Long-Term Care Workforce Issues: Practice Principles for Quality Dementia Care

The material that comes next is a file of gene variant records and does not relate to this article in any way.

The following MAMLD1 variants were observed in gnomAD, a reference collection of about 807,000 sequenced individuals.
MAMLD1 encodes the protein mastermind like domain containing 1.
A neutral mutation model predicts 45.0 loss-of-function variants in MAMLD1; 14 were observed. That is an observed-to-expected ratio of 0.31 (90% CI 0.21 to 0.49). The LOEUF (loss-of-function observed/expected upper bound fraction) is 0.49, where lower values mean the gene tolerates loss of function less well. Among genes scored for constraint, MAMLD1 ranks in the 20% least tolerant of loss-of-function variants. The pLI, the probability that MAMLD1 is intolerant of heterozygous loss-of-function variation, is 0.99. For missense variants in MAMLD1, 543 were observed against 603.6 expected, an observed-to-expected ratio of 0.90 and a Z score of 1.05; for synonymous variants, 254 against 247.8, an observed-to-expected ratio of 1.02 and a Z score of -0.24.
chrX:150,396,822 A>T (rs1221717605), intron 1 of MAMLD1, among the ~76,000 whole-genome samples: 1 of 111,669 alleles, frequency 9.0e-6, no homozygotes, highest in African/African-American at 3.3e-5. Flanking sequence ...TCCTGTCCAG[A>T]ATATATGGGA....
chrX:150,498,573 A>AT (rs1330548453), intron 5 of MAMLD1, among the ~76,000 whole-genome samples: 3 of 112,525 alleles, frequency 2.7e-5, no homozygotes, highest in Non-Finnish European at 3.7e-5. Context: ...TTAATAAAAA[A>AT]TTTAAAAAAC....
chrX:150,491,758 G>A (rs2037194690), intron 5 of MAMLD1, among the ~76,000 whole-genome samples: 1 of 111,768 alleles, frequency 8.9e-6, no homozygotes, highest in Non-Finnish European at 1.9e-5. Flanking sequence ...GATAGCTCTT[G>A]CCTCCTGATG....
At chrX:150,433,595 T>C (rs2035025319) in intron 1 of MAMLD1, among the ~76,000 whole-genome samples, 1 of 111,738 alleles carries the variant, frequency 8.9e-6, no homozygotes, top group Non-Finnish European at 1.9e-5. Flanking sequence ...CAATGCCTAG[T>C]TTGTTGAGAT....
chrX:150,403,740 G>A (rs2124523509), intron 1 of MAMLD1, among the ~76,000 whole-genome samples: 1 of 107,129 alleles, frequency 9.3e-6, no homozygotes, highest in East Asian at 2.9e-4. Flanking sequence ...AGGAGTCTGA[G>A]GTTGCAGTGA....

Long-Term Care Workforce Issues: Practice Principles for Quality Dementia Care Abstract Purpose This article is one in a series of articles in this supplement addressing best practice for quality dementia care. The Alzheimer’s Association, in revising their Dementia Care Practice Recommendations for 2017 has identified staff across the long-term care spectrum as a distinct and important determinant of quality dementia care. The purpose of this article is to highlight areas for developing and supporting a dementia-capable workforce. Methods The Alzheimer’s Association Principles For Advocacy To Assure Quality Dementia Care Across Settings provide a framework to examine interventions to support the dementia care workforce in long-term care settings. Evidence-based approaches that represent these principles are discussed: (a) staffing, (b) staff training, (c) compensation, (d) supportive work environments, (e) career growth and retention, and (f) engagement with family. Results Although not all settings currently require attention to the principles described, this article proposes these principles as best practice recommendations. Recommendations and future research considerations to further improve the lives of those who live and work in nursing homes, assisted living, hospice, and home care, are proposed. Additional areas to improve the quality of a dementia care workforce person-centered care information, communication and interdepartmental teamwork, and ongoing evaluation are discussed. Dementia, Person-centered care, Long-term care, Home- and community-based care and services Direct care providers (DCPs) play a vital role in the provision of long-term care (Graf, Cignacco, Zimmermann, & Zuniga, 2016) and dramatically shape the daily lives of persons with dementia (Squires et al., 2015). For the purpose of this article, the term long-term care will be used to encompass nursing homes, assisted living, residential care, hospice, and home health environments. DCPs are the “hands-on” workers in long-term care and are identified specifically as the nurses, nursing assistants or nurse’s aides, medication aides/technicians, personal care, home health, and hospice aides. DCPs assist with all aspects of physical care, offer meaningful activities, and hold in their hands the quality of care and quality of life of individuals with dementia. Through their close contact with persons with dementia, DCPs gain a knowledge of the individual with dementia, preferences, behaviors, and functioning, and are often the first to notice physical changes, signs of illness, pain, or decline (Jansen et al., 2017). Each person who works in a long-term care organization, through their interactions can influence the long-term care experience and quality of life of individuals with dementia and their families. The DCPs collaborate with other staff who are important to the lives of the individuals with dementia and include those who work in dietary, housekeeping, activities, social services, therapy, admissions, and other departments (Gilster, 2006; Hunter, Hadjistavropoulos, Thorp, Lix, & Malloy, 2016). Demand for Dementia Care Providers There are 47 million people worldwide diagnosed with dementia and 9.9 million new cases each year (World Health Organization Media Center, 2017). Currently, there are an estimated 5.5 million Americans with Alzheimer’s disease and dementia and the incidence is expected to increase to 7.1 million in 2025 as the number of people 65 and older surges. More than 80% of the care of individuals with dementia is provided by unpaid care providers (Alzheimer’s Association, 2017a). However, the ratio of the number of family caregivers to recipients is decreasing. In 2010, there were seven caregivers for every older person needing assistance and the number is expected to drop to 4:1 in 2030. The number of unpaid caregivers is not sufficient to meet the increasing number of older adults in need of care, creating an even greater demand for paid DCPs (Redfoot, Feinberg, & Houser, 2013). Increasing numbers of people with dementia will require more caregivers, both family caregivers as well as long-term care providers. The need for paid care providers will continue to increase from 3.27 million in 2014 to 4.56 million in 2024. At the same time the number of those who comprise the bulk of the care providers, women between the ages of 25 and 64 is anticipated to remain the same (Gao, Tilse, Wilson, Tuckett, & Newcombe, 2015). The growing demand and ability to retain care providers continues to challenge the long-term care industry. Turnover is widespread, in home care, hospice, and residential care environments and ranges from 40% to well over 100% (Banaszak-Holl, Castle, Lin, Srivastava, & Spreitzer, 2015). Unless significant changes are made in long-term care the future looks bleak as the demand for DCPs will outpace the supply. Methods: A Framework for a Quality Dementia Workforce The Alzheimer’s Association (AA) posited that the “single most important determinant of quality dementia care across all care settings is direct care staff,” (Alzheimer’s Association, 2017b). The Alzheimer’s Association Principles For Advocacy To Assure Quality Dementia Care Across Settings provide a framework to examine interventions to support the dementia care workforce in long-term care settings (Table 1). Search terms included “dementia” OR “Alzheimer’s” AND “staff” and each of the following terms: (a) levels (OR deployment OR numbers); (b) training (OR education OR teaching); (c) compensation (OR salary OR benefits); (d) work environments (OR practice environment); (e) career growth (OR advancement); (f) family engagement (OR family and partnership); and (g) hiring. Interventional research focused on direct care workers, and published between 2000 and the present were included, representing nursing home, assisted living, residential care, home care and hospice settings. Table 1. Long-Term Care Workforce Issues: Principles for Advocacy to Assure Quality Dementia Care Across Setting Staffing levels should be adequate to allow for proper care at all times—day and night. Staff should be sufficiently trained in all aspects of care, including dementia care. Staff should be adequately compensated for their valuable work. Staff should work in a supportive atmosphere that appreciates their contributions to overall quality care. Improved working environments will result in reduced turnover in all care settings. Staff should have the opportunity for career growth. Staff should work with families in both residential care settings and home health agencies.   Staffing levels should be adequate to allow for proper care at all times—day and night. Staff should be sufficiently trained in all aspects of care, including dementia care. Staff should be adequately compensated for their valuable work. Staff should work in a supportive atmosphere that appreciates their contributions to overall quality care. Improved working environments will result in reduced turnover in all care settings. Staff should have the opportunity for career growth. Staff should work with families in both residential care settings and home health agencies.   Note: Adapted from Alzheimer’s Association (2017b). View Large Results Staffing Levels Staffing requirements for DCPs in long-term care environments providing dementia care vary by the setting, state, and country. Federal mandatory staffing requirements exist for registered nurses and licensed practical nurses in nursing homes, yet there is no minimum requirement for state tested/certified nursing assistants, though many states have established additional staffing requirements for these facilities (Harrington, 2010). Residential care, including assisted living facilities (RC/AL) are licensed by the respective state agencies, though most states do not specify minimum staffing levels or ratios in dementia care (Carder, 2017). Beyond meeting any mandatory DCP staffing numbers required in organizations serving persons with dementia, there is a growing awareness of the need to deploy DCPs in a manner that aligns with resident routines and needs (Cohen-Mansfield & Bester, 2006). Nursing assistants have reported the important role that flexible schedules have in contributing to individualized care (Curry, Porter, Michalski, & Gruman, 2000). Further, flexible schedules may be useful in decreasing turnover and therefore in avoiding the costs associated with frequent hiring and training (Weale, Wells, & Oakman, 2017). For example, the Adards Nursing Home in Tasmania, Australia promotes flexibility as a central management principle in working with both residents and staff members. Flexibility in regard to residents is manifested in their ability to control the time they get up, eat, go outdoors, and go to sleep, with access to multiple opportunities for activities that are common to people who live in the outside community (Cohen-Mansfield & Bester, 2006). The routines of staff members are flexible in that they are encouraged to eat meals with residents, converse and spend time walking with them, or engage in other activities with them. Flexible staff schedules, including shorter hours, support this approach. The flexibility and part-time assignments have positively impacted turnover, staff recruitment, absenteeism, and sick leave. Since the facility opened in 1991, the average tenure of staff members is 7.2 years, and the average turnover rate for those years has been 10% (Cohen-Mansfield & Bester, 2006). This is in marked contrast to the turnover rates of 50%–100% reported in the United States (Castle, 2005; Mukamel et al., 2009). Staff Training Unlike other illnesses, the unique characteristics of dementia, such as impaired communication, disorientation, confusion, and behavioral changes demand training for DCPs to increase understanding and strategies for caregiving (Alzheimer’s Association, 2017a). Care providers working with persons with dementia have identified the need for sufficient training (Pitfield, Shahriyarmolki, & Livingston, 2011). Several literature reviews have described the benefits of dementia training, including a positive approach to dementia and less work-related stress (Barbosa, Nolan, Sousa, & Figueiredo, 2017; Islam, Baker, Huxley, Russell, & Dennis, 2017). Training can be categorized based on three types of targeted outcomes: staff outcomes, patient outcomes, and organizational outcomes. Further, DCPs and staff require an understanding of the concept of person-centered care in an effort to deliver high quality care for individuals with dementia (Kim & Park, 2017). The fundamentals of person-centered care, best practice, and approaches to care are discussed within this supplement in the article on person-centered care, outlining the essential components for care and training (Fazio, Pace, Flinner, & Kallmyer, 2018). Recognizing the person with dementia as a unique individual, with a distinctive life story assists the care providers to view people with dementia as a whole person, not simply a task or person with a disease (Gronhdal, Persenius, Baath, & Helgesen, 2017). Training and Staff Outcomes Spector, Revolta, and Orrell (2016) conducted a systematic review that examined the effect of staff dementia (Type 1) training upon staff outcomes in care homes, nursing homes and assisted living. They found that most training programs incorporated person-centered principles and aimed to improve communication between care staff and residents. Staff outcomes included knowledge, attitude, self-efficacy, burnout, and job satisfaction. In these studies which varied in methodological quality, knowledge showed the greatest increase. Stress and burnout showed more variation as outcomes. There was no association between training intensity and outcomes. Recent studies have examined innovative training approaches. A Norwegian study examined the effectiveness of the Dementia ABC educational program (Rokstad et al., 2017). In addition to written materials, the intervention includes multidisciplinary reflection groups and workshops. The positive impact was evident in scores of patient-centeredness and job satisfaction. The Ladder to the Moon Culture Change Studio Engagement Program (CCSEP) is a staff training approach based on the Positive Psychology framework that uses theatre- and film-based activities. In qualitative responses staff reported an improved sense of teamwork, more positive attitudes towards residents, as well as some concerns about using theatrical intervention (Guzmán, Wenborn, Ledgerd, & Orrell, 2017a). Quantitative responses revealed an increase in positive interactions post intervention, and a significant increase in the building relationship techniques in the care setting. Survey responses also indicated that the intervention did not significantly affect the happiness or job satisfaction of care home staff (Guzmán, Wenborn, Swinson, & Orrell, 2017b). Training and Resident/Patient Outcomes In a review of 19 studies, McCabe, Davison, and George (2007) found no effect of staff training upon outcomes in residents with dementia. However, in a later systematic review of 20 studies that focused specifically on training interventions to reduce behavioral and psychological symptoms of dementia (BPSD), Spector, Orrell, and Goyde (2013) found evidence that training had some positive impact upon BPSD and improved the interaction between staff and residents. Training was also found to impact the way staff behaved towards residents (Spector et al., 2013). No links were found between the theoretical orientation of training programs and their effectiveness. However, studies did demonstrate that training that incorporated the support of management was more likely to be effective (Spector et al., 2013). For example, Burgio and colleagues (2002) supplemented four weeks of behavior management training of nursing assistants, which included hands-on training, with formal staff management (FSM) implemented by nursing supervisors (a Type III intervention). The components of the FSM system included (a) a clear and specific description of behavioral skills, (b) CNA self-monitoring, (c) LPN monitoring of CNA skill performance, (d) verbal and written performance feedback to CNAs, and (e) CNA incentives for achieving established performance criteria. The behavior management skills training program improved CNAs’ ability to interact with nursing home residents who experienced BPSD, and the residents showed sustained reductions in agitation. Also, the FSM system was more effective for maintaining communication skills 6 months after training (Burgio et al., 2002). The STAR intervention, a Type IV intervention, consists of two 4-h workshops augmented by four individualized on-site consultations and three leadership sessions. The intervention reported improved resident outcomes in assisted living (Teri, Huda, Gibbons, Young, & van Leynseele, 2005). STAR demonstrated reduced levels of affective and behavioral distress compared with control residents. Additionally, the staff reported less adverse impact and reaction to residents’ problems (p < .05) and more job satisfaction (p < .10) compared with control staff. Landreville, Dicaire, Verreault, and Levesque (2005) reported a reduction in BPSD with the use of 8 h of class instruction followed by 8 h of weekly supervision by the trainers (Type IV intervention). In addition to supervisory support, care planning has been a critical complement to some training programs. In a large cluster randomized trial, Chenoweth and colleagues (2009) demonstrated that dementia care mapping along with patient-centered care training and leadership engagement, was associated with less agitation in persons with BPSD (Type IV intervention). Falls were less in the sites that used mapping alone but falls increased in the sites that used patient-centered care alone (Chenoweth et al., 2009). More recently, the OASIS educational program, also a Type IV intervention, targeted all NH staff (direct care and nondirect care), engaged supervisory staff and used a train-the-trainer model that emphasizes reframing behavior and care plans that capitalize on resident strengths (Tjia et al., 2017). The nursing homes that implemented OASIS experienced a reduction in antipsychotic use in persons with dementia, but the improvement was not sustained. Although undetected pain is a common problem in persons with dementia (Husebo, Wilchterberg, & Flo, 2016), it has rarely been the focus of training programs. PAIN-Dem training was delivered to care staff from three care homes in South London, along with guidance to supervisors and resources to encourage improved pain management over 4 weeks (Type IV intervention). Although staff demonstrated improved pain management behavior, there was no improvement in pain outcomes (Petyaeva et al., 2017). DCPs and staff in community based and long-term care environments specifically request additional training and the chance to be involved in the development of the training programs (Talbot & Brewer, 2016). Staff desire more practical learning methods and application, as well as training that is relevant to their daily work including real life situations and solutions (Bishop, 2014; Kolanowski, Van Haitsma, Penrod, Hill, & Yevchak, 2015; Stanyon, Griffiths, Thomas, & Gordon, 2016; Talbot & Brewer, 2016). Training and Organizational Outcomes In a study of training requirements and outcomes, Trinkoff found that training for certified nursing assistants above the mandated federal requirement led to less adverse events, pain, falls with injury and depression. A strong association between the number of inservice hours and quality indicators suggested a link between ongoing training and quality of care (Trinkoff, Storr, Lerner, Yang, & Han, 2016). There is a need to make training relevant and accessible for DCPs and all staff, in all long-term care environments. Additional research is needed to evaluate organizational strategies that support and engage DCPs in training, orientation, and education, as well as determine the impact of training on staff stress, satisfaction, and retention, and effect on persons with dementia. Compensation The “monetary needs” of nursing assistants working in long-term care settings for older people with dementia was identified in qualitative work as an important reason to work in long-term care (Sung, Chang, & Tsai, 2005). This finding is consistent with early studies (Garland, Oyabu, & Gipson, 1988; Monahan & McCarthy, 1992). Compensation in wages, the provision and payment of health insurance is a concern for DCPs in regard to satisfaction, recruitment, and retention in all sectors of long-term care (Howes, 2008; Kemper et al., 2008; Paraprofessional Healthcare Institute, 2013; Probst, Baek, & Laditka, 2010). However, Squires and colleagues (2015) found in a systematic review that organizational factors such as workload, resources, and individual factors such as autonomy and empowerment to be greater predictors of job satisfaction than satisfaction with salary/benefits. Meaningful work was more important than hourly wages with intent to leave for residential DCPs (Gao et al., 2015). Stone and colleagues (2017) found that intent to leave for home care workers was dependent upon the overall household income level over the federal poverty level and the provision of health insurance though hourly wages were not. Thus, though compensation is important, it is only one of the expressed needs of DCPs across settings (Stone et al., 2017). Supportive Work Environment Many challenges exist for DCPs in the provision of care to persons with dementia while at the same time meeting the many expectations and demands of families (Coates & Fossey, 2016; Zimmerman et al., 2005). DCPs have reported that the work environment influences their experience as well as those of the residents in long-term care residences. A national survey conducted in the Netherlands found that person-centered care is beneficial to the nursing staff, specifically when the nursing staff feel supported by their supervisor (Willemse et al., 2015). Qualitative reports indicate that efforts to provide individualized care are supported by supervisors who provide hands-on help working with residents, are open to new ideas, and policies that promote an inclusive approach to care planning (Cohen-Mansfield & Bester, 2006; Curry et al., 2000). Further, phenomenological research conducted by Law, Patterson, and Muers (2017b) suggests the need for supervisors to support strong and supportive relationships between health care assistants and residents. They suggest opportunities for staff to explore their emotional reactions through reflective practice groups or clinical supervision in order to reduce any adverse impact on care provision (Law et al., 2017b). This recommendation is corroborated by earlier work conducted by Edvardsson, Sandman, Nay, and Karlsson (2009) with nursing staff in residential dementia care. The researchers identified that in addition to staff age and educational level, perception of the caring environment and opportunity to have discussions of difficulties and ethics at work were salient predictors of job strain (Edvardsson et al., 2009). Career Growth and Retention In an integrative analysis of reports, articles, and website information on the labor market for dementia care, researchers found that the main reason for quitting a care job was lack of job satisfaction. Dementia care workers describe a lack of appreciation and dissatisfaction about the quality of care they were able to provide as the major sources of job dissatisfaction (Vernooij-Dasssen et al., 2009). In contrast, a mixed method study with Australian nurses in acute, subacute, community, and residential health care settings reported reasonable satisfaction (Chenoweth, Merlyn, Jeon, Tait, & Duffield, 2014). Nurses who felt valued and supported by the organization and their colleagues were more positive about their work. Perceived facilitators of job satisfaction were education, training, supervision, mentoring opportunities, and appropriate compensation. There is also evidence that management practices used to empower certified nurse assistants (CNAs) and nurses can increase retention and improve resident outcomes (Brannon & Mor, 2005). LEAP (“Learn,” “Empower,” “Achieve,” “Produce”), a comprehensive long-term care workforce development initiative, aims to educate, empower, and retain long-term care nurses and CNAs (Hollinger-Smith & Ortigara, 2004). LEAP consists of two modules. One module is a 6-week (18 h total) workshop targeting nurse managers and charge nurses to develop essential roles of leader, care role model, clinical expert, and care team builder. The second module is a 7-week (14 h total) workshop focused on career development for CNAs. LEAP demonstrated increases in leadership effectiveness, work empowerment, job satisfaction, and perceptions of the organizational climate. Improvements in quality indicators, reduced number of health deficiencies, and decreased nurse and CNA turnover were also reported (Hollinger-Smith & Ortigara, 2004). In anticipation of a pending workforce shortage to care for an aging population, human resource experts recommend traditional practices to recruit and retain quality staff, including benefits packages, reward and recognition, and flexible scheduling (Jarousse, 2011). Additionally, they recommend behavior-based interviewing and peer interviewing to build effective, long-term teams. Sung and colleagues (2005) recommend the use of a screening process to assess job motivation and attitudes toward persons with dementia. Researchers at the Indiana University Center for Aging Research have developed an innovative method of screening for critical abilities expected in the frontline care provider position, the Care Coordinator Assistant (Cottingham et al., 2014). They created a new screening process, building on the multiple mini interview (MMI) format to evaluate the ability to express “caring” and empathy. The Care Coordinator Assistant MMI is comprised of six stations that simulate frequently encountered, challenging scenarios in persons with dementia. The interviewer then evaluates the candidate’s responses and abilities. Overall, the six-station MMI, with two to three items per station, provided factorial valid measures and good predictive ability. Additionally, the interviewers reported that the process was not burdensome and was helpful in discriminating between candidates (Cottingham et al., 2014). Orientation to include dementia education before a new employee is assigned to provide care for a person with dementia enhances their understanding of the disease and improves their ability to provide care and interact in a more appropriate fashion (Talbot & Brewer, 2016). Additional topics recommended at orientation include person-centered dementia care, behavioral strategies, alternatives to medication, abuse and neglect, and safety (Alzheimer’s Association, 2017c). Providing dementia training in an orientation has been found to benefit not only the organization, but indicates to the new employee that the organization recognizes their importance, and has proven beneficial to staff retention (Gao et al., 2015; Gilster, 2006; National Nursing Home Quality Improvement Campaign, 2016). Engagement With Family Effective partnership with families is recognized as an integral role in the care of persons with dementia (Robison et al., 2007). Hennings, Froggatt, and Keady (2010) conducted a systematic review of families’ experiences with end of life care in care homes. They found that families wanted frequent contact, empathy, reassurance, and engagement in decision-making with support along the way. Graneheim, Johansson, and Lindgren (2014) examined families’ experiences of transition into long-term care through a meta-ethnographic study incorporating a systematic literature search. Families wanted staff to show genuine concern for them and their family member, to consider the family member’s views, and facilitate family’s ability to influence the plan and delivery of care (Graneheim et al., 2014). Law, Patterson, and Muers (2017a) extended this line of inquiry with a systematic review that identified that families want consistent, knowledgeable staff who interact well with both them and the person with dementia. The authors conclude that staff education should focus not only on the clinical and practical needs of persons with dementia but also how to interact and partner with families (Law et al., 2017a). Robison and colleagues (2007) studied an intervention to improve staff and family communication in nursing home dementia units, and found that the program Partners in Caregiving was an effective method to increase support to staff, families, and residents. Many families of persons with dementia enjoy participating in the provision of information such as life stories to encourage DCP’s ability to recognize and value the person with dementia (Grøndahl, Persenius, Bååth, & Helgesen, 2017). Documenting, sharing life stories can be an opportunity to engage residents, families, and staff and particularly important in caring for persons with dementia who have lost their ability to share such information and communicate their needs and desires. Life stories is a way to offer staff insight into the world of the person with dementia before the disease and can enhance the DCPs and staff’s ability to connect, interact, and create improved strategies for caregiving. Grøndahl found in a systematic review that creating life stories, recording and sharing aspects of a person’s past and present life and using that information for planning and providing care was beneficial for the person with dementia, the family, DCPs, and staff. Staff attitude towards persons with dementia improved and the process of creating life stories was enjoyable and enhanced their relationship with the person with dementia. However, in one study the staff perceptions did not improve significantly (Grøndahl et al., 2017). Supportive relationships may be enhanced through the use of consistent assignments, a model supported by many national organizations including Advancing Excellence, The American Health Care Association and Leading Age (National Nursing Home Quality Improvement Campaign, 2016). Consistent assignments are offered as a method to enhance close personal relationships and quality of life, as DCPs come to know the person not simply as an “assignment,” but as an individual with a unique life and history (Corazzani et al., 2015; Roberts, Nolet, & Bowers, 2015). Further, Castle found that consistent assignments have been found to decrease staff turnover in residential care environments (Castle, 2011), while Stone and colleagues (2017) determined that consistent assignments in home care workers increased job satisfaction and was associated with a lower intent to leave (Stone et al., 2017). Additional Considerations to Improve Quality Dementia Care Workforce DCPs are the foundation of long-term care, as they provide the “service” in nursing homes, assisted/residential care, home care and hospice. Yet the industry struggles to create environments that address their needs and desires. Turnover is high in all positions and extremely costly to all organizations. Monetary compensation and benefits, while important, are not the only answer (Stone et al., 2017). It is more than just a job; for many it is a calling (Pfefferle & Weinberg, 2008). Need for Continued Research in Leadership The leader and the culture of an organization play a dominant role and significantly impact the quality of dementia care and quality of life for the people who live and work in long-term care settings (Stanyon et al., 2016). Leaders set the tone, establish the culture of the organization and influence success or failure (Siegel, Bakerjian, & Zysberg, 2017). Requirements and training for leaders, often referred to as administrators, executive directors, directors, etc., vary by setting and location for nursing homes, residential care, assisted living, home care, and hospice care. For instance, nursing home administrators and administrators in RC/AL are subject to state licensure, certification, training requirements, and continuing education although the amount and scope vary widely by state. Only 21 states require the RC/AL administrator to be licensed or certified and the required annual hours of continued education ranges from no requirement to 40 h (Carder, 2017). As of 2018, the administrators of home health agencies with certificates of participation for Medicare and Medicaid are required to be a licensed physician, a registered nurse or have an undergraduate degree with experience in health administration coupled with at least 1 year of administrative or supervisory experience (Centers for Medicare and Medicaid, 2017a). A culture supporting quality person-centered dementia care requires stable, dedicated leadership, and workforce (Koren, 2010). Nursing home administrator turnover is common and ranges from 41% to 45%. A high rate of administrator turnover is associated with high numbers of deficiencies (Geletta & Sparks, 2013) increased DCPs turnover (Castle, 2005) and the quality of care (Castle, 2001; Geletta & Sparks, 2013; Stolee et al., 2005). The importance of this single person and their effectiveness in long-term care settings has not received a great deal of attention (Dana & Olson, 2007; Donoghue & Castle, 2009). There is a need for continued research in leadership in long-term care settings to determine reasons for leader turnover and what may need to be done to prepare leaders for the future to improve DCP and staff competencies (Singh & Schwab, 2000). Need for Systems to Collect and Disseminate Person-Centered Information Care providers and staff want life history information to enable them to respond to the “individual” with dementia and to establish approaches to care and behaviors (Grøndahl et al., 2017). However, barriers to providing quality person-centered dementia care include the inability for DCPs and staff to secure information about the person with dementia, mechanisms for communicating that information to colleagues and the time to do so. Currently, much of this information is communicated verbally, and often the staff lack the time for communicating this information (Kolanowski et al., 2015). Systems need to be created that support a communication process to facilitate the exchange of this person-centered information to DCPs and staff and to share changes in the person with dementia as they occur over time. An expectation within the CMS Dementia Focused Survey Guide is the gathering and dissemination of person-centered care information to DCPs and staff (Centers for Medicare and Medicaid Services, 2015). Encouraging Communication and Interdepartmental Teamwork Interdepartmental meetings that engage staff in all departments have been shown to enhance a sense of team and community, an open mindedness and support for one another regardless of their role (Guzman et al., 2017a). Graf found the strongest predictors of job satisfaction and overall quality of care were collaboration with nursing home director, director of nursing, colleagues and staff resource adequacy (Graf et al., 2016). Coates found usefulness in proving opportunities to reflect with colleagues to promote thought and problem solving, encourage all to look at solutions through the eyes of another person or the person with dementia (Coates & Fossey, 2016). The ability of an organization to enhance interdisciplinary staff participation and interdepartmental collaboration can be accomplished through routinely scheduled all-inclusive staff meetings and in-service programs (Smythe, Jenkins, Galant-Miecznikowska, & Bentham, 2017). Offering meetings and inservices on all shifts for all departments provides an opportunity for all staff to attend, enhances communication, participation, and relationships between departments (Gilster, 2005). Ongoing Evaluation of Programs To ensure a quality care dementia workforce and environment requires an ongoing process to measure continuous quality improvement (Koren, 2010). Quality care, assessment and evaluation programs, processes, and systems continues to challenge the industry (Mills et al., 2017). The most recent initiative to improve quality care is the Quality Assurance and Performance improvement plan (QAPI) is effective November of 2018. QAPI expands the process of quality assurance to put practices in place to improve care and services. Elements of the process serve to include and engage all stakeholders in the program, create a learning organization, leadership role in ensuring stakeholder input and involvement and creating a systematic approach to determine problems, causes, appropriate interventions, and data driven decisions (Center for Medicare and Medicaid Services, 2017b). The implementation of QAPI may very well augment some of the other areas that DCPs and staff have indicated they desire in their work; including a focus on education, involvement in the decision process, the availability of information, team work, a learning environment, and collaboration. Conclusion Training has received considerable attention as the unique characteristics of dementia and resulting behaviors need to be understood by those who provide care. While the quality and quantity of training programs has been examined, more needs to be done to determine how to maintain knowledge and practice over time and how to garner leadership and management support for training programs. Critical to person-centered dementia care is “knowing the person,” the human being, father, golfer, mother, bank president, university professor, and researcher. The use of life history or stories may influence the ability of staff to see the whole person, as a human being with a rich history and life versus an individual with dementia who is difficult to care for and time consuming. However, systems and processes need to be in place to not only secure the information but to develop mechanisms to share and make accessible the information with all DCPs and staff. Professionals and nonprofessional groups in varied environments such as nursing homes versus home care and in other countries present different job needs and desires (Banaszak-Hall et al., 2015). They also fall under varied regulations internationally, nationally, and by state. It is important to note that while organizations may not be required and/or staff are not asking for dementia specific programs as recommended in this article, such programs may still be beneficial. Training, respect and appreciation, communication, participation in decision making, support programs, teamwork and caring, and engaged leadership have all been cited individually as desires, and such programs may prove important for all long-term care settings to promote a quality dementia care workforce. Research on a combination of programs that address these issues may be beneficial. Increasing numbers of people living with dementia and decreasing resources makes it essential to determine what motivates DCPs to work across the long-term care spectrum and what programs are necessary to retain them. Organizations need to address the desires of DCPs and outcomes of research to promote best practice. Creating a competent dementia care workforce is clearly complex and requires a deep inquiry into the multiple needs and desires of DCPs and staff. There will likely not be one program or strategy that solves the workforce issue. Practice Recommendations for Staffing Provide a thorough orientation and training program for new staff, as well as ongoing training A comprehensive orientation should be provided that includes the organization’s vision, mission, and values, high performance expectations, and person-centered dementia training. This training is essential for new staff, and should be included in ongoing education for all staff members. Develop systems for collecting and disseminating person-centered information It is important that all staff know the person living with dementia as an individual. Establish procedures for collecting person-centered information that includes choices, preferences and life history. It is also essential that an effective process be developed to share this information with all staff. Encourage communication, teamwork, and interdepartmental/interdisciplinary collaboration An organization should promote staff participation and interdepartmental/interdisciplinary collaboration through routinely scheduled inservice programs and meetings. Training is most effective when designed to include ongoing education, communication, and support. Offering inservices and conducting meetings on all shifts are important, and will impact attendance, participation, and facilitate relationships between staff. Establish an involved, caring, and supportive leadership team Creating a person-centered “community” is not possible without service-oriented leaders, managers, and supervisors. It is also vital that the leadership team be vision-driven, open, and flexible. High performing leaders know that staff are the foundation of success, and when staff are valued, recognized, and feel served themselves, they in turn will more likely value and serve others. Promote and encourage resident, staff, and family relationships Encouraging relationships among persons living with dementia, staff, and families is central to person-centered care, and is fostered in part by implementing consistent staff assignment. The involvement of all parties in planning care, activities, education, and social events may cultivate successful relationships as well. Evaluate systems and progress routinely for continuous improvement It is important that an organization routinely collect and evaluate information on all staff processes, including hiring, orientation, training, and satisfaction. Analysis of the data should be used to evaluate the effectiveness of all systems and identify areas for improvement. In addition, leaders should share this information with staff, and act upon the results. Funding This paper was published as part of a supplement sponsored and funded by the Alzheimer’s Association. References Alzheimer’s Association. 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Long-Term Care Workforce Issues: Practice Principles for Quality Dementia Care